We have found that the Gospel is summarized in God's promise to Abraham that "In thy seed shall all nations be blessed." What does this mean? Notice that it involves two distinct and separate parts:

1. Abraham's seed
2. All nations of earth

Abraham's seed is not totally as Abraham might have expected, for the Apostle informs us in Galatians 3:29 that "If ye be Christ's, then are ye Abraham's seed and heirs according to the promise." This is a key to our understanding. It says that faithful Christians are counted by God as being Abraham's seed or children. It also says that because of this they become "heirs" according to the "promise." What promise? The promise was that the seed would bless everyone else. Now we are at the crux of the matter! If true Christians are the seed, we see God's eventual purpose for them the blessing of all the nations of the earth, and the resurrecting of all those who have died, just as Abraham expected, so that they too could be blessed. Now our chart is harmonious. Those who go to heaven will bless those here on earth!



Messiah will bless all on earth through Abraham's seed and will even raise those who have died to enjoy the blessings.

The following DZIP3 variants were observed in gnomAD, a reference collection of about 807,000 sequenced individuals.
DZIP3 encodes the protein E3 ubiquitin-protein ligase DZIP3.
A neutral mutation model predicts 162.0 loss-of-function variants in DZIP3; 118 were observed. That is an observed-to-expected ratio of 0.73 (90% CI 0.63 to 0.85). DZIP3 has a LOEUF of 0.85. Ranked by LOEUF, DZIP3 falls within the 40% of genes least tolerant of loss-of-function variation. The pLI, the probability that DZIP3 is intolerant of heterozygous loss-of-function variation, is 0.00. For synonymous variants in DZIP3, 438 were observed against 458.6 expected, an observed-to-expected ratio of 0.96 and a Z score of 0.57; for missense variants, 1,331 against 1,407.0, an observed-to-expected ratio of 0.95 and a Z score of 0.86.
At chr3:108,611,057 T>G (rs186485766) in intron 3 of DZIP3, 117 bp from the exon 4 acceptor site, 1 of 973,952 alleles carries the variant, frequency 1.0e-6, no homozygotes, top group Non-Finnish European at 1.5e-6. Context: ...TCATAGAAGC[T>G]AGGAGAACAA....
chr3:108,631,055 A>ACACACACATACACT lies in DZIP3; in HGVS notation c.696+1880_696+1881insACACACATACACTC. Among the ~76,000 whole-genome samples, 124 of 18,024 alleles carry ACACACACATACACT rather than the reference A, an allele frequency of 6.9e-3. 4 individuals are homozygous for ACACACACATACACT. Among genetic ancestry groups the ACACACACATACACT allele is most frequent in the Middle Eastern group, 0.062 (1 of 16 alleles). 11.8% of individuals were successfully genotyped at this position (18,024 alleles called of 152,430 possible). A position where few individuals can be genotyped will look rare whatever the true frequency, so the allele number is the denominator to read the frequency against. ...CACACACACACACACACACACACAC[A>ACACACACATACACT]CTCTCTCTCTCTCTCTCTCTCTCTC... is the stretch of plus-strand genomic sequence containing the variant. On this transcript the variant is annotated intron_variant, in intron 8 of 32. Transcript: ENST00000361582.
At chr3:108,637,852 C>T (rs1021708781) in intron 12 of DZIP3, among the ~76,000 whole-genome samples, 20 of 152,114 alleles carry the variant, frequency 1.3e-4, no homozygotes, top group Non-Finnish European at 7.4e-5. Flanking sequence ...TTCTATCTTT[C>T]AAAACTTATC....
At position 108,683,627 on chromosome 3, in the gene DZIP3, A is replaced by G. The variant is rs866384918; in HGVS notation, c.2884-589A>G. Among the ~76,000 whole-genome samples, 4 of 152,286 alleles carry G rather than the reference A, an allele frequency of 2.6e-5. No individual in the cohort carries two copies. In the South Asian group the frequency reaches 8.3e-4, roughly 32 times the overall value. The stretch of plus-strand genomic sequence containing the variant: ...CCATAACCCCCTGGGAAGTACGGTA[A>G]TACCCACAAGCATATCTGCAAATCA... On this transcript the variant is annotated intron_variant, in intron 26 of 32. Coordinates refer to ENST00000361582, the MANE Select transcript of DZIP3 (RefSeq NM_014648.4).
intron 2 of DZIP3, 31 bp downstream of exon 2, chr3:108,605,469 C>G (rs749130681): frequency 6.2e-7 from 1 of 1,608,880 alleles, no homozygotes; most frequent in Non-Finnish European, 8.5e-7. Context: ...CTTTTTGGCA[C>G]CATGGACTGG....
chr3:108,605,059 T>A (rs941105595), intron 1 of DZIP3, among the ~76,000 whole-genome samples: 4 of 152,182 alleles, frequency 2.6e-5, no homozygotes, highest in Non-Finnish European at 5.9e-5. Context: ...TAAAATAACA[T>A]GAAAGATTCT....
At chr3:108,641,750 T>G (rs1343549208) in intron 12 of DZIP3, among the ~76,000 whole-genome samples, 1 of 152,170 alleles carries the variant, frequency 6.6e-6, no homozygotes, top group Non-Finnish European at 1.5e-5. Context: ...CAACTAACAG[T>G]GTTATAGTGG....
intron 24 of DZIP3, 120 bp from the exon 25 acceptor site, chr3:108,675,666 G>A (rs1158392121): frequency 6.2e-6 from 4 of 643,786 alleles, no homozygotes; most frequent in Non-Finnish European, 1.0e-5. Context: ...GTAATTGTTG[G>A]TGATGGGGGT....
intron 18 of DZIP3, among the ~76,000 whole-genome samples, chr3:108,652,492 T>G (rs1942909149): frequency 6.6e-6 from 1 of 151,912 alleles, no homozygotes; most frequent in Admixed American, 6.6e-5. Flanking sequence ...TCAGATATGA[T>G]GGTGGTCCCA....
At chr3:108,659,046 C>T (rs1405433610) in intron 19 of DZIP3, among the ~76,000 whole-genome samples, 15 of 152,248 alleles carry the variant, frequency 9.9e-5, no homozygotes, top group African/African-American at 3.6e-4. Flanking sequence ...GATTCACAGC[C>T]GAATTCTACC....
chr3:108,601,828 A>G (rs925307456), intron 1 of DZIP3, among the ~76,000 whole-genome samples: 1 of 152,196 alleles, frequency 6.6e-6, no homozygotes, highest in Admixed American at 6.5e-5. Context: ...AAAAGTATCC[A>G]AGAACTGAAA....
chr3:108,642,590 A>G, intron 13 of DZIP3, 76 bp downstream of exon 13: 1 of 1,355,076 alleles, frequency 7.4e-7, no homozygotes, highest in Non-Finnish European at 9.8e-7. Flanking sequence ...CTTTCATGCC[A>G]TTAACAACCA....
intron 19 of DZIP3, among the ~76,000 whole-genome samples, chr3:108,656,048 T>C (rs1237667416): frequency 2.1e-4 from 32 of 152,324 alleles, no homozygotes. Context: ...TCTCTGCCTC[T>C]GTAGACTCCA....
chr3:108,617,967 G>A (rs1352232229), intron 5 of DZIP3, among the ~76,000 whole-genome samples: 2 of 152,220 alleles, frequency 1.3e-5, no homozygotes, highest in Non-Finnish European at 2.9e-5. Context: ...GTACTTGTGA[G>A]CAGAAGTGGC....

Faithful Christians go to heaven after death.

But this is harmonious only if we retain the "other half of the Gospel" the part Judaism believes. And that is that not only will the "seed" be saved, but so will the rest of mankind! This is actually saying that there are two salvations. First, the seed (true Christians) are saved; and secondly, they (the seed) save and bless everyone else! Yes, the complete Gospel is really GOOD NEWS!

The New Testament informs us that there will be two kinds of resurrection, one in heaven for the true seed (the "first resurrection") and one on earth for all the rest of mankind. This is the whole Gospel. Christendom and Judaism have both been incomplete and wrong in themselves. Each had one half of the Gospel! But now we see that those who will go to heaven in the first resurrection will not go to float on clouds and play harps, but rather to participate with Christ in the rulership of his kingdom which will bless all the families here on earth. Christ's kingdom will have two parts: heavenly and earthly. If this were not so, how could the Lord have taught the disciples to pray "Thy Kingdom come, thy will be done in earth"? (Matt. 6:10) Or how could the angels have predicted "peace on earth, goodwill toward men"? (Luke 2:12-14)